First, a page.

On September 6, 1622, the heavily laden treasure galleon of King Philip IV’s Tierra Firme Fleet sank in a raging hurricane near the Florida Keys. Two hundred and sixty people and tons of silver, gold, and other precious cargo were lost to the sea. All attempts to locate the wreckage of the Atocha failed until the location of the vast silver cargo and part of the lower hull structure was found July 20, 1985, by Treasure Salvors, Inc.
Over one thousand silver bars were listed on the ship’s manifest. The majority of the ingots were the property of individuals, although four tons of the cargo was revenue; and one hundred thirty-three bars were shipped in thirty-four boxes marked with the red crown mark of Philip IV.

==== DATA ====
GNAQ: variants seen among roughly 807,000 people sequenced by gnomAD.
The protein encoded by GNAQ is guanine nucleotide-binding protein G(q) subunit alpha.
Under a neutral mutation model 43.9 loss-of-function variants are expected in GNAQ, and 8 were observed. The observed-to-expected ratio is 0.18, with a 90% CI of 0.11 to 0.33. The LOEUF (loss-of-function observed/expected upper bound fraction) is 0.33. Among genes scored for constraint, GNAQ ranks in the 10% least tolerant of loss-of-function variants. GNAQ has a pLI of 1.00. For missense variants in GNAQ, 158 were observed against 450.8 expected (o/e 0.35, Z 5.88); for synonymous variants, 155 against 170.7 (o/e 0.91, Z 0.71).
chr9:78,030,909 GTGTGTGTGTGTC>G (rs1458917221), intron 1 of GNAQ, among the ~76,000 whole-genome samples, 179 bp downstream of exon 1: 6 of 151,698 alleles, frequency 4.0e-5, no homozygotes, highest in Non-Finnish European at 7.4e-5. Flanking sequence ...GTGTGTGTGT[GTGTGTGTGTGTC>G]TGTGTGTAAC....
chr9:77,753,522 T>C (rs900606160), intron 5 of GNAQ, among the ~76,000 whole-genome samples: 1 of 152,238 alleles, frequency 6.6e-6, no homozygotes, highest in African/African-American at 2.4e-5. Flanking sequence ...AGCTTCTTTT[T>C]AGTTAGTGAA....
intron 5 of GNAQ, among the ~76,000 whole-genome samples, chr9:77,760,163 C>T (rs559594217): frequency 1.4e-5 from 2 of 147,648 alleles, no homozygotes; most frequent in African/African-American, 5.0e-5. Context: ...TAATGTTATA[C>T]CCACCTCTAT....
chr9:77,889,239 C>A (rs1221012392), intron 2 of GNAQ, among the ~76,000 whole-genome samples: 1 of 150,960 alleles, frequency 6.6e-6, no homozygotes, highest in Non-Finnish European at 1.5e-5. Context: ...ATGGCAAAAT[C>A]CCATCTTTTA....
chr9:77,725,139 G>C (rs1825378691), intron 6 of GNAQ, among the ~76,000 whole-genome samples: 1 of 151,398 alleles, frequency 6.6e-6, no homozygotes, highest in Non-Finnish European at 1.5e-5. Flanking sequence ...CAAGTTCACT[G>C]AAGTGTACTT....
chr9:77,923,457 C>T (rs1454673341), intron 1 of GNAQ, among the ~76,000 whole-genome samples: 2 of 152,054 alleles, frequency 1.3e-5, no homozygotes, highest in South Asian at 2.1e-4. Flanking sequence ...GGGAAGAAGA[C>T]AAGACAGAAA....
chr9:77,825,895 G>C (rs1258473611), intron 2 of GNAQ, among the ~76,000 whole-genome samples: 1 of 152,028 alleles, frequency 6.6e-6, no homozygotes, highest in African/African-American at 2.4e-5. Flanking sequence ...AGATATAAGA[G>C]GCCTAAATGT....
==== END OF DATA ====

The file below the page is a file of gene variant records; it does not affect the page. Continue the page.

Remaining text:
Figure 1. Atocha Silver Bar Symbols
Many of the silver bars were mined and processed in Upper Peru (modern Bolivia). Each ingot was poured into a mold and the struck with the serial number (A), which would be listed on the ship’s manifest. The assayer would then remove his “bite” (B) to attest to the purity of silver. Once purity was established the ingot was struck with the “Ley” or fineness number (C), 2400 being the purest. Each bar other than the royal “Quinto” was subject to 20% tax and was struck with the tax seal (D), often in several locations on the bar, indicating that the tax has been paid. Monograms and designs (E) indicated the owner or shipper. Various other marks (F) of unknown origin were made by various handlers and shippers recording their transaction with the bar. Some bars are dated with the year (G).
Figure 2. Map of Atocha Shipwreck Location